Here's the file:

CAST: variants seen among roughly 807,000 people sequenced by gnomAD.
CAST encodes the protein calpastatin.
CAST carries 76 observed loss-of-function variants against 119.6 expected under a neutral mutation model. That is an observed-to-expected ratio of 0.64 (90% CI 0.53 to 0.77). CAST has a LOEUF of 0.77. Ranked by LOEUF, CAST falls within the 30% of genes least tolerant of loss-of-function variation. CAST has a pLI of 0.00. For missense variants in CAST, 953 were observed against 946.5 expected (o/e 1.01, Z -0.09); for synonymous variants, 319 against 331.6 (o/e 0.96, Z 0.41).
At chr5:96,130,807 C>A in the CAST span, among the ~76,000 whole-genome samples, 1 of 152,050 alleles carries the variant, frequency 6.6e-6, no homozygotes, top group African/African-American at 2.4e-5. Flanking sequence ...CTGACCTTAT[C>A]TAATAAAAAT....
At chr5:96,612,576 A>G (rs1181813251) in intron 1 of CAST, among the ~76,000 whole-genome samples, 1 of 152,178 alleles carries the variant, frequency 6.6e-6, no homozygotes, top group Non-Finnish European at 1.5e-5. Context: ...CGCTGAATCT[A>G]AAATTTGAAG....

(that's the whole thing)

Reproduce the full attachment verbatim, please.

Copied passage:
CAST: variants seen among roughly 807,000 people sequenced by gnomAD.
CAST encodes the protein calpastatin.
CAST carries 76 observed loss-of-function variants against 119.6 expected under a neutral mutation model. That is an observed-to-expected ratio of 0.64 (90% CI 0.53 to 0.77). CAST has a LOEUF of 0.77. Ranked by LOEUF, CAST falls within the 30% of genes least tolerant of loss-of-function variation. CAST has a pLI of 0.00. For missense variants in CAST, 953 were observed against 946.5 expected (o/e 1.01, Z -0.09); for synonymous variants, 319 against 331.6 (o/e 0.96, Z 0.41).
At chr5:96,130,807 C>A in the CAST span, among the ~76,000 whole-genome samples, 1 of 152,050 alleles carries the variant, frequency 6.6e-6, no homozygotes, top group African/African-American at 2.4e-5. Flanking sequence ...CTGACCTTAT[C>A]TAATAAAAAT....
At chr5:96,612,576 A>G (rs1181813251) in intron 1 of CAST, among the ~76,000 whole-genome samples, 1 of 152,178 alleles carries the variant, frequency 6.6e-6, no homozygotes, top group Non-Finnish European at 1.5e-5. Context: ...CGCTGAATCT[A>G]AAATTTGAAG....